When the Chinese New Year kicked off across China several weeks ago, millions of Chinese citizens hit the road in what is often described as one of the world’s great annual migrations.
The pilgrimage allows families to reunite, and also gives the government a chance to show off its spectacular investments in high-speed bullet trains. High-speed rail isn’t just a fast and convenient way to travel long distances while reducing carbon emissions – it’s fundamentally changing economic integration around China.
Today, China’s rail system transports twice as many passengers as Chinese airlines, and officials hope to lay an additional 10,000 miles (16,000 km) of track by 2020 – the equivalent of building America’s first transcontinental rail route five times over.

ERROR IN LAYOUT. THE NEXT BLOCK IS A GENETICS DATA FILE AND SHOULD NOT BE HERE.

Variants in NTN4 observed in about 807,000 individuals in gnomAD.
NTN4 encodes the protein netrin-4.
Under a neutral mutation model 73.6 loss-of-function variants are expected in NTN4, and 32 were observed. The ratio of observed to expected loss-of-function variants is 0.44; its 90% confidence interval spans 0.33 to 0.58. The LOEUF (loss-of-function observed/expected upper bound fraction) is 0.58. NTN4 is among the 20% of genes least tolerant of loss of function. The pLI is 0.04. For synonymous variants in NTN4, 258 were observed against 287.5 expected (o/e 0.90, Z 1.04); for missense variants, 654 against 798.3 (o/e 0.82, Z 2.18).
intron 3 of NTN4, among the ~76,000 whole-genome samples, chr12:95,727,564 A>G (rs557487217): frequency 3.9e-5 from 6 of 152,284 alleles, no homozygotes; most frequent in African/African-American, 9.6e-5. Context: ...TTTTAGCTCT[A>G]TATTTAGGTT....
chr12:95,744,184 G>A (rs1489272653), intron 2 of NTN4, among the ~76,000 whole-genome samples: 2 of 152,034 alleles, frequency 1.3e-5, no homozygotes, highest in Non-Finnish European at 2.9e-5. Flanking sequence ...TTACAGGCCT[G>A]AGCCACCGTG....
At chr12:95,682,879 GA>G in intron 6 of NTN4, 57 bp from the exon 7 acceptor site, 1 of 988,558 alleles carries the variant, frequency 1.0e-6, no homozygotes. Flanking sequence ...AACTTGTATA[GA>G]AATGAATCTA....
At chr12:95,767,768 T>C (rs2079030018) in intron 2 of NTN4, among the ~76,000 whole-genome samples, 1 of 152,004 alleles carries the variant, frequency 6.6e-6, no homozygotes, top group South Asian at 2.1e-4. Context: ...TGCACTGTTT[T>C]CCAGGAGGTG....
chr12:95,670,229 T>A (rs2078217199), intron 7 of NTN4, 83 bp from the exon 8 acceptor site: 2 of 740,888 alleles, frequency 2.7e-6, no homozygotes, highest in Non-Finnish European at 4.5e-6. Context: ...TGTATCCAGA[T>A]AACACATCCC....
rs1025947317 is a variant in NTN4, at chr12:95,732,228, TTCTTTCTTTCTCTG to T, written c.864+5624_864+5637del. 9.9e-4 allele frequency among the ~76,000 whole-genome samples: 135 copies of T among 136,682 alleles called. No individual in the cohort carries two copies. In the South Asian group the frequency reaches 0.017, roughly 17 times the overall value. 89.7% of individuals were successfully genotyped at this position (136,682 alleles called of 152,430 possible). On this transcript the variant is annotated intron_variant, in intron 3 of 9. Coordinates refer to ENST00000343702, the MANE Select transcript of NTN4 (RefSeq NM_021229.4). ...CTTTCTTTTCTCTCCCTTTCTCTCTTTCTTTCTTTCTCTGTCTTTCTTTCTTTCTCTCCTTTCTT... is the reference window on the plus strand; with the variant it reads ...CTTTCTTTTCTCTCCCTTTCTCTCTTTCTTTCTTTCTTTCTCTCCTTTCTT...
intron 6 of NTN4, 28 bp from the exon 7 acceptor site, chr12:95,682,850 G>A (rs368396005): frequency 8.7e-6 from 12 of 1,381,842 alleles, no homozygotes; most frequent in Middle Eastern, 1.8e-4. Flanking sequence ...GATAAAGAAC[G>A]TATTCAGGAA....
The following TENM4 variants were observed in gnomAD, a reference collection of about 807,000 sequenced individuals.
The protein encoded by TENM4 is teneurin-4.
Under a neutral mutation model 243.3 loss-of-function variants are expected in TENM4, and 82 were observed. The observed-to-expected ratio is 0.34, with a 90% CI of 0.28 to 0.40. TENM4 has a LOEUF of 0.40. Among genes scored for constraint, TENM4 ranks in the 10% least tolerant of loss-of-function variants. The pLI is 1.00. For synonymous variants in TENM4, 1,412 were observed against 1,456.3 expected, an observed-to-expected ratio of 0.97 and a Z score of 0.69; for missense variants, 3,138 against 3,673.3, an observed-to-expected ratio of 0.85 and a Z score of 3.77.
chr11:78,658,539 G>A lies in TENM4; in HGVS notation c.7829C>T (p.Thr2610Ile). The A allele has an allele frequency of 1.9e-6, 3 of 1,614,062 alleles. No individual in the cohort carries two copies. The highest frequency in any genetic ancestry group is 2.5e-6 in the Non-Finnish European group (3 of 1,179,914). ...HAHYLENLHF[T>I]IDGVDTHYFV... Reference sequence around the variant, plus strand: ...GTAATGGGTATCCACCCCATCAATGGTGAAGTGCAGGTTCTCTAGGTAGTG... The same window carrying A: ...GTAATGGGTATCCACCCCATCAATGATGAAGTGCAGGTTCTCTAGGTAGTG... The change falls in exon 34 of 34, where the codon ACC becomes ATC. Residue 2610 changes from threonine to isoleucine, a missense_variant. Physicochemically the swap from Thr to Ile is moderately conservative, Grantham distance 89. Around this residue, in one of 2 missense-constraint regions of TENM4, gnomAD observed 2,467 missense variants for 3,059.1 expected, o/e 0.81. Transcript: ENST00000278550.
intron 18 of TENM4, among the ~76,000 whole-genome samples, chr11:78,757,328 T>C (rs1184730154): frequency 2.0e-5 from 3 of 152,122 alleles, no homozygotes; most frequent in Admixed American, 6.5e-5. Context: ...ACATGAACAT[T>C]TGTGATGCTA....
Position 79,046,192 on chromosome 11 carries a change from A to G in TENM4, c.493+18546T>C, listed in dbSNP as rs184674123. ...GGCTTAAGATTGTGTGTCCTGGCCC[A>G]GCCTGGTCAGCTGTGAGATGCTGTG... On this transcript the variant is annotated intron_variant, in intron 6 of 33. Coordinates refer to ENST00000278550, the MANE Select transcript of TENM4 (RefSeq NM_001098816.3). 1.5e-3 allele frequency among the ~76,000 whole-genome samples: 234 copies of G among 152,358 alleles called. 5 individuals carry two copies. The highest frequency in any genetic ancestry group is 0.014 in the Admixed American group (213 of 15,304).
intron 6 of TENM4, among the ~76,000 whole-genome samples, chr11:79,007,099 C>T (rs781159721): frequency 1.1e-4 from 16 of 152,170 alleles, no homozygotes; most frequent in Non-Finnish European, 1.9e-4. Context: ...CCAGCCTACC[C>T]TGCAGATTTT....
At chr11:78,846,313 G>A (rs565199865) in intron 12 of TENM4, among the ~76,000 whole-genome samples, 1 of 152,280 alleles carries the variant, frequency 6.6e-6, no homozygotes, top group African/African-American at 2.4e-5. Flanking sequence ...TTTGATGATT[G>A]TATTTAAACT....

This infrastructure investment generates enormous economic spinoffs. The coastal city of Guangzhou – the capital of rapidly growing Guangdong province – is expected to see an increase of GDP of more than half a trillion dollars by 2030, facilitated, in part, by high-speed rail. An analysis by the World Bank found that when linked to other cities by high-speed rail, business productivity rose by 10%.